|The view from our hotel balcony|
Earlier this year, our family spent some time with a man (let’s call him Joe) and his toddler. Joe’s wife hadn’t been with us, and so, at the end of our time together, I sent her a text telling her what a great dad Joe clearly was. Time went by. Last weekend I spent three nights in Cairns with a dear friend and no children/husband (mini review: It was the absolute best; 27 degrees, wonderful company, beautiful food [prepared by someone else!!], lots of wandering, reading, and sun-basking, and the gloriously liberating feeling of being able to plan the day without taking anyone else into consideration – I LOVED it). While there, I received two picture messages showing Moses and Hazel having fun, both of which were sent by other mums (Alan was very kindly leaving me alone). Then, upon my return home, one of these women sent a text message telling me that Alan is “a terrific dad” with “such a great way” with the kids, and “so doting” (all of which is true).
It did make me wonder, though, whether dads ever receive messages from friendly folk reassuring them how well their children are being mothered. As far as I know (I’ll go check now), Alan’s never had someone contact him especially to point out the fact that my children are not only still alive but enjoying themselves in my care! Incredibly! This can, at least in part, be explained by the fact that Alan spends most of his time at work, so it can come as a surprise to others that on top of his engineering skillz, he’s also a competent child-wrangler (this was certainly the case when I sent the message about Joe). It makes sense; I can imagine that if I filled in for Alan at his office for a few days while he flew off for a break somewhere, his colleagues would be similarly shocked if I was to do the job well. No doubt he’d receive photos of me banging busily at his keyboard and looking very serious in meetings, and then, later, have to sit through bewildered accounts of how I didn’t fail as spectacularly as they’d expected me to.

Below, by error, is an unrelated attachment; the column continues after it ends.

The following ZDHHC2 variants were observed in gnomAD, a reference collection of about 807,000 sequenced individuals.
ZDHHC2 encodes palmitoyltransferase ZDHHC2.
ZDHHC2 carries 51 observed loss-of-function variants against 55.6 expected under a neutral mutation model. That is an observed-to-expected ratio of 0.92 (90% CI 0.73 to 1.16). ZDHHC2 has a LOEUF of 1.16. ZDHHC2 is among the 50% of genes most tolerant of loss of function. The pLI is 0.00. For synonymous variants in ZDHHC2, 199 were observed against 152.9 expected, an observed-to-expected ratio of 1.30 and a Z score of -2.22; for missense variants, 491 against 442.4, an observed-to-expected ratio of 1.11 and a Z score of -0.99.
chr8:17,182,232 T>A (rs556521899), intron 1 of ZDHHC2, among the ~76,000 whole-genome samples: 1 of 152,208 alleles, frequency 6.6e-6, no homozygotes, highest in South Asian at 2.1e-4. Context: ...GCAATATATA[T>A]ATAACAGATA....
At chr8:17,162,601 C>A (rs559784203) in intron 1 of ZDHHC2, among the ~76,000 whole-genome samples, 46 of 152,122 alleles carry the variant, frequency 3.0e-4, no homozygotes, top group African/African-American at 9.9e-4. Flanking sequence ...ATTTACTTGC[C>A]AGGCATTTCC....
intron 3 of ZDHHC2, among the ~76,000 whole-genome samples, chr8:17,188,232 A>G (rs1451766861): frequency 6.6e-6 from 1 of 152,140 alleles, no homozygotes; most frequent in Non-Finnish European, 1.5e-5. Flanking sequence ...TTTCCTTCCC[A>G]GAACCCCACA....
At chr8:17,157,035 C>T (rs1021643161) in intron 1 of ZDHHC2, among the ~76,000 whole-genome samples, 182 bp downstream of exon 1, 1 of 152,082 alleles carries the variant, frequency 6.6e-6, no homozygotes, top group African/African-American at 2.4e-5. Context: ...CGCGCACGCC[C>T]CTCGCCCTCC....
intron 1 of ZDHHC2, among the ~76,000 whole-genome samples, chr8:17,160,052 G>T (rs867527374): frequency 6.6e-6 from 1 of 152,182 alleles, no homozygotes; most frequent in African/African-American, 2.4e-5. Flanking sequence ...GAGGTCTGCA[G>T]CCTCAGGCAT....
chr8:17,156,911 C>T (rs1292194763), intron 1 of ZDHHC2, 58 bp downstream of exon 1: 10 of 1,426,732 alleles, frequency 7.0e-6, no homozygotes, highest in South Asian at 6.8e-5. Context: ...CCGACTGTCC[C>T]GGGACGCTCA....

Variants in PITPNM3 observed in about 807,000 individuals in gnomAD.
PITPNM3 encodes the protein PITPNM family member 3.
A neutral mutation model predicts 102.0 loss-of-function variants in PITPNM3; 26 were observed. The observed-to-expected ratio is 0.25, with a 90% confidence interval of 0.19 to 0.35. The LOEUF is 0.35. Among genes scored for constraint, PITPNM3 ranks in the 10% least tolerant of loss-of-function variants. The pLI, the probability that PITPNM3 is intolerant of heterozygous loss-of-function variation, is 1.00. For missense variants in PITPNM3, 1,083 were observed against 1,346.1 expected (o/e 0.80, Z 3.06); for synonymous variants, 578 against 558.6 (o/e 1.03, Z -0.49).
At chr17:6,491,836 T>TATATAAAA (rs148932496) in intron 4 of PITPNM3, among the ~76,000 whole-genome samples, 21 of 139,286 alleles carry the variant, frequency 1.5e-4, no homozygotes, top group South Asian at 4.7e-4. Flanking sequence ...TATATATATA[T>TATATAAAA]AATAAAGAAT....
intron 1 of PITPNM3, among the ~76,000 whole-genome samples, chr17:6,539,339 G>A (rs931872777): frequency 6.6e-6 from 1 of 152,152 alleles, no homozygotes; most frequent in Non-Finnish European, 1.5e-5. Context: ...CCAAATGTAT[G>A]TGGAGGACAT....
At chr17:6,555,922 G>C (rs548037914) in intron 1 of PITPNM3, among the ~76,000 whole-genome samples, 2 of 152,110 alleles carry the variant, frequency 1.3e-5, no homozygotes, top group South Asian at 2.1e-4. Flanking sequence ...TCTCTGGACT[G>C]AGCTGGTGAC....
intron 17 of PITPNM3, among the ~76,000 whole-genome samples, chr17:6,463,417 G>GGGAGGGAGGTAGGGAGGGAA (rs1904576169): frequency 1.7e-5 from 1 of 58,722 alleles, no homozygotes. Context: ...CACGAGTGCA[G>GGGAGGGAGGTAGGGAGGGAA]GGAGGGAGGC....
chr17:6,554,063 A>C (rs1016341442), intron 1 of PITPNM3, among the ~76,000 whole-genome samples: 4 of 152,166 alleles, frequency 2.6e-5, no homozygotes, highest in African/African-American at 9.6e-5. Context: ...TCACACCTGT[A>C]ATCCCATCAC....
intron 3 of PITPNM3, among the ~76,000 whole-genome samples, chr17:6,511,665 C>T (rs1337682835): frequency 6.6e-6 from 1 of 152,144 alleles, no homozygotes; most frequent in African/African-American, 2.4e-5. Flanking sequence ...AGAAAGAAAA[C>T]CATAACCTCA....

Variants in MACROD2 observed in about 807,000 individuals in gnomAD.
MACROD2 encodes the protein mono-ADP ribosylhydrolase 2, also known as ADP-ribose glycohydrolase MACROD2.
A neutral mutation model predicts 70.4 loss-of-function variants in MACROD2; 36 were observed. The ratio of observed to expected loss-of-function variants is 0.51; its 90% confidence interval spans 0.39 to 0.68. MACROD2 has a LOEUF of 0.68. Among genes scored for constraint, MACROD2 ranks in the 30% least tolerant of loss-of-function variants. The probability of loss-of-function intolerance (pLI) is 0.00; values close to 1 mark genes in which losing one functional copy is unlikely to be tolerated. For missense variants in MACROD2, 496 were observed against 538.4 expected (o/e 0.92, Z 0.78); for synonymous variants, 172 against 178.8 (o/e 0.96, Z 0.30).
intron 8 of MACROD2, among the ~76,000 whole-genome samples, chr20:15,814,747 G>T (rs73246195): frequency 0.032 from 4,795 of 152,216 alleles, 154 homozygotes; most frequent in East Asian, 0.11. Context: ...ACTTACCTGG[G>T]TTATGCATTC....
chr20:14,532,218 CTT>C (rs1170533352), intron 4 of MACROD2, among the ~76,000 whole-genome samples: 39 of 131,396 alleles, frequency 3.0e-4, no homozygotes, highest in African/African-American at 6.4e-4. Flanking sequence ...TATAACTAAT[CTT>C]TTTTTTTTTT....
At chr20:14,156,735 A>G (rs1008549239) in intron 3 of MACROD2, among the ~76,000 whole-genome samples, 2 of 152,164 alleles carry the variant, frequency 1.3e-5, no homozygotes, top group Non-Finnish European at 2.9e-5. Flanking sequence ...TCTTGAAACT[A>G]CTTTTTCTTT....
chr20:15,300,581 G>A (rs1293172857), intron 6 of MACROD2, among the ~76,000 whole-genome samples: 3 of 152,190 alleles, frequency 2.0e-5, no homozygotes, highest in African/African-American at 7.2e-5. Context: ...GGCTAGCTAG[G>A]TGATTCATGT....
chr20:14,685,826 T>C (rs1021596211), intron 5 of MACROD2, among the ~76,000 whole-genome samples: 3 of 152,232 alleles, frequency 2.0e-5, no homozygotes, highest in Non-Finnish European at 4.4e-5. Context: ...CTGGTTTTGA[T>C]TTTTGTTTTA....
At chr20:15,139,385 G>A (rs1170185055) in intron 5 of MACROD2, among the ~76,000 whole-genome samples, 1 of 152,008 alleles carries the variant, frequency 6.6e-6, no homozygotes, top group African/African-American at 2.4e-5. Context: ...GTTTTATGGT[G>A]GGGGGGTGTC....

I’m sure another side to it, though, is the fact that women are still often seen as the ones naturally gifted with the ability to look after children, whereas men are supposed to do adorably foolish things like dress their babies in the wrong season’s outfits and forget to take nappies and lose at least one child at some point and feed them only donuts for the whole time the mother’s away. As Annabel Crabb says in The Wife Drought, “In a world of assumed responsibility, you get credit for doing things that are viewed as additional to your usual beat, but no credit at all for things that are supposed to be in your bag anyway… This is her job; to fulfil it adequately is more or less unsurprising. But for him to do it at all carries an element of surprise; that it should be done well is barely imaginable.”
I don’t know where I’m going with this; I don’t even know if it was wrong to have sent the message about Joe or for my neighbours to have sent similar messages to me. It does seem rather unfair that the regular things I do every day are suddenly wondrous and praise-worthy when done by my husband instead. Maybe that’s all I’m trying to say.